President Obama’s proposal to raise the minimum wage to $9 an hour has led economists to explain, yet again, how this seemingly benign measure will lead to lost jobs, especially for teenagers. But to my knowledge, nobody has challenged Obama’s core assertion — namely, that a raise is needed to lift full-time workers with children out of poverty. I have good news for the president: These workers have already been lifted out of poverty.
On Tuesday night, Mr. Obama said,
We know our economy’s stronger when we reward an honest day’s work with honest wages. But today, a full-time worker making the minimum wage earns $14,500 a year. Even with the tax relief we’ve put in place, a family with two kids that earns the minimum wage still lives below the poverty line. That’s wrong.
He’s right that $14,500 is below the poverty line for a family of three (presumably a mother and two children; a family with two full-time workers — a mom and a dad — would earn well above the poverty line). But he seems to forget one of the most significant anti-poverty measures introduced in recent years: the earned-income tax credit. This family of three would be eligible for more than $5,000 from the EITC, putting its total income at almost $20,000 — above the $18,500 poverty threshold (my thanks to anti-poverty guru Ron Haskins at the Brookings Institution, who provided these figures).
Nor does that
Most of Obama's education-policy wishlist can't be done successfully in Washington—but can be done in a well-led state.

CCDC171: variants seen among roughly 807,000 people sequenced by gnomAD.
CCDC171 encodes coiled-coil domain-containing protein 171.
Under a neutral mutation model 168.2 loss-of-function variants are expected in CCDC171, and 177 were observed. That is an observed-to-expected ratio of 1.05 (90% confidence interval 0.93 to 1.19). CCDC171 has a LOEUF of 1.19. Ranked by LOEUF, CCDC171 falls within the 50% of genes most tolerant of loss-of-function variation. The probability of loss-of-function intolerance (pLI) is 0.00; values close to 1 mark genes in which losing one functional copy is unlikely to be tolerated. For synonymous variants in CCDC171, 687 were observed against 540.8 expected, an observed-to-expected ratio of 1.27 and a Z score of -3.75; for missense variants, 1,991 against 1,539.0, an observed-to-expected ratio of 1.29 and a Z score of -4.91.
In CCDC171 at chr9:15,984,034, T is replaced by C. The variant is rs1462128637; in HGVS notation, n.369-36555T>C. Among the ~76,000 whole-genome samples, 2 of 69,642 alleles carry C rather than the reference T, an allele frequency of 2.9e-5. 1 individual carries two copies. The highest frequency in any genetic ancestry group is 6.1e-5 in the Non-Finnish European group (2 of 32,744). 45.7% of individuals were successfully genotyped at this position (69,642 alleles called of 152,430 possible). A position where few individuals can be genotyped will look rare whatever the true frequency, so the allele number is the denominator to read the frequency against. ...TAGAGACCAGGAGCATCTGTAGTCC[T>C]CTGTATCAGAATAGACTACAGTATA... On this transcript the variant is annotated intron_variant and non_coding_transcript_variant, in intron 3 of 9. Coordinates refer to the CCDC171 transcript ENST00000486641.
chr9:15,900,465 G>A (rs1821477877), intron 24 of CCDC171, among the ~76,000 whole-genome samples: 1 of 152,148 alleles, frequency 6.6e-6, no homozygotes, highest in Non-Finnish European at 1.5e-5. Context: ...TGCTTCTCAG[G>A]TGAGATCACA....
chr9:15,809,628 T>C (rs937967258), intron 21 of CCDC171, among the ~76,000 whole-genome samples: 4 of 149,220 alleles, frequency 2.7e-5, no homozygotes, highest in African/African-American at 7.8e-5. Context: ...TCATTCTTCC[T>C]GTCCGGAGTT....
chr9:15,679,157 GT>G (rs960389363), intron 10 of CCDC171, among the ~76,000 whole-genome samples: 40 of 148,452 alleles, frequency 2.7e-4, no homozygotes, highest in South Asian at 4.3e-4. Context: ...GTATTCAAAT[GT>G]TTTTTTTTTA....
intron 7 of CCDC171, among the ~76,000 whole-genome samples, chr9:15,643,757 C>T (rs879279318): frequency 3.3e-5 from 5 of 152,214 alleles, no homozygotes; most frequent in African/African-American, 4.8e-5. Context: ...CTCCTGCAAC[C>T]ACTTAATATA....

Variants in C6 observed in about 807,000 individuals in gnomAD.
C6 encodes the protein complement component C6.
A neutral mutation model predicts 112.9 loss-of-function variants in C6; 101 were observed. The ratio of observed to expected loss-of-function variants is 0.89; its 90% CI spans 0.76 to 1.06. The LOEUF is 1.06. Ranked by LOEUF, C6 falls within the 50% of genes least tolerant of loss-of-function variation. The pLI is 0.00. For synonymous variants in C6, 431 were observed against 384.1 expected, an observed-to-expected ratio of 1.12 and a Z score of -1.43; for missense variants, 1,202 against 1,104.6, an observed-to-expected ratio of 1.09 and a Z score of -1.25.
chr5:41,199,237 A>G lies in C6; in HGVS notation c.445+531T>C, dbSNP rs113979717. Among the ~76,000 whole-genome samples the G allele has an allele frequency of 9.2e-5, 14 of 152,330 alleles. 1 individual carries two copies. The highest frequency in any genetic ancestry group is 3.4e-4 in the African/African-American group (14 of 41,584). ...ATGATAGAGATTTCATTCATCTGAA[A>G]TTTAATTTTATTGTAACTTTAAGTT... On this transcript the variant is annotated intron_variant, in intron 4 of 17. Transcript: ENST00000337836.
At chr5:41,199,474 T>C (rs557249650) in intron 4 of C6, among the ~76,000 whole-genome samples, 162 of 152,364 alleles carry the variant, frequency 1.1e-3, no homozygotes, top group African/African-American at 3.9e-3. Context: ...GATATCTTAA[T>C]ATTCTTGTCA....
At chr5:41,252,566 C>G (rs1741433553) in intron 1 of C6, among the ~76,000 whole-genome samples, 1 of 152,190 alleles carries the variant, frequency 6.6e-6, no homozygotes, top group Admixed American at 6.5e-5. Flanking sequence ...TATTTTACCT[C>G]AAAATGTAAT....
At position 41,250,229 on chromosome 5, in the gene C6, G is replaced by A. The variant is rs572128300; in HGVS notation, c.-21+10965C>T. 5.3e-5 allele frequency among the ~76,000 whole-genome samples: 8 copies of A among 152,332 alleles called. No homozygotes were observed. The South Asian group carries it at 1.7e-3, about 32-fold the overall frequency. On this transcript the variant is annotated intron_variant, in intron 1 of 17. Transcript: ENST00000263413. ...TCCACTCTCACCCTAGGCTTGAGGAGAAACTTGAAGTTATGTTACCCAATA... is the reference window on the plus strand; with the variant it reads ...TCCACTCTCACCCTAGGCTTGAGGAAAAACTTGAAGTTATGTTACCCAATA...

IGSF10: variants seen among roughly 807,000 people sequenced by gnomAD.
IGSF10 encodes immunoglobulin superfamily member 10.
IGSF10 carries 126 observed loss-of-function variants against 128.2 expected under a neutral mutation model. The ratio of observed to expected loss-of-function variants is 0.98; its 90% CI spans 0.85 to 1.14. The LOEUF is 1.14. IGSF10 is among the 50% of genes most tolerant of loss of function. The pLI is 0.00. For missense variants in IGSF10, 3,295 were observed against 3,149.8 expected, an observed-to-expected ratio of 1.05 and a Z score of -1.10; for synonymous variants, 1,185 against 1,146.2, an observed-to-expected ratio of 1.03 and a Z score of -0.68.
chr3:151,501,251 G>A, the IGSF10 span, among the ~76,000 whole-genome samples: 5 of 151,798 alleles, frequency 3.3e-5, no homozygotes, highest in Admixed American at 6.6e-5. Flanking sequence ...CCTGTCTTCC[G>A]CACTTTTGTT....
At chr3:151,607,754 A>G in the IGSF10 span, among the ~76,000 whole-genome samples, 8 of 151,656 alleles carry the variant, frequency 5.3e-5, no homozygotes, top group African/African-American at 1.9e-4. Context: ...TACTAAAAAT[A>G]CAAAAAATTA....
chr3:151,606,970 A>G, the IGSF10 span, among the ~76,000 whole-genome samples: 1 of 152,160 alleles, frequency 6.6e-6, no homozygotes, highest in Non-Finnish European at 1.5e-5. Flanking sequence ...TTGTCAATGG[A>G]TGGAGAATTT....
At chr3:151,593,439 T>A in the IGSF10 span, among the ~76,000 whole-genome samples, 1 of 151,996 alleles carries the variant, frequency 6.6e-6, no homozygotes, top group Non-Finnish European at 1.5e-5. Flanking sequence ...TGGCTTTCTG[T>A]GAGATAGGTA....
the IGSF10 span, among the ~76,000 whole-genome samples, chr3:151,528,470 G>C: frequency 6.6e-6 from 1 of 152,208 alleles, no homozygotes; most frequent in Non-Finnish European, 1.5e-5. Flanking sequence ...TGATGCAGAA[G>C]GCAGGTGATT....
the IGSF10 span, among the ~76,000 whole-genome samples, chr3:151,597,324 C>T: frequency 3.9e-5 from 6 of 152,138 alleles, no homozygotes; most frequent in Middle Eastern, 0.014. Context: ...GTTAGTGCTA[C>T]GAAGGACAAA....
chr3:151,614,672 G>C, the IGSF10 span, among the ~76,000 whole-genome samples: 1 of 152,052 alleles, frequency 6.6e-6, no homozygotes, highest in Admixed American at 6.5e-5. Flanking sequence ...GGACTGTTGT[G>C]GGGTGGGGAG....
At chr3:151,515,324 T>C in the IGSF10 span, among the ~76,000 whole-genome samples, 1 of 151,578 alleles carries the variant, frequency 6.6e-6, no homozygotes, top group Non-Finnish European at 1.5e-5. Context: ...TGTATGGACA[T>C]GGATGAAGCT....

Photo from Policymic
Maybe Barack Obama should follow the Pope’s example and resign—but then he should run for governor, presumably in Illinois (where he would definitely be an improvement on the last dozen or so)
Because, at least when it comes to education policy, just about everything he wants the federal government to do involves things that can’t be done successfully from Washington but that well-led states can and should do: raise academic standards, evaluate teachers, give kids choices, and more.
His latest passion in this realm is “quality early childhood education for all.” And as post–State of the Union specifics seep from the White House, we see more clearly what he has in mind: a multi-pronged endeavor, including home visits by nurses, programs for poor kids from birth to age three (“Early Head Start”), more Head Start (mostly for three-year-olds), lots more state-sponsored preschool for four-year-olds (subsidized up to twice the poverty line), and full-day Kindergarten for all.
All are plausible undertakings by states. Only one, however, could be satisfactorily carried out by Uncle Sam: a thorough and much-needed makeover of the five-decade-old Head Start program. But that isn’t likely to happen. The retrograde Head Start
About the Editor
Michael J. Petrilli
Executive Vice President
Mike Petrilli is one of the nation's foremost education analysts. As executive vice president of the Thomas B. Fordham Institute, he oversees the organization's research projects and publications and contributes to the Flypaper blog and weekly Education Gadfly newsletter.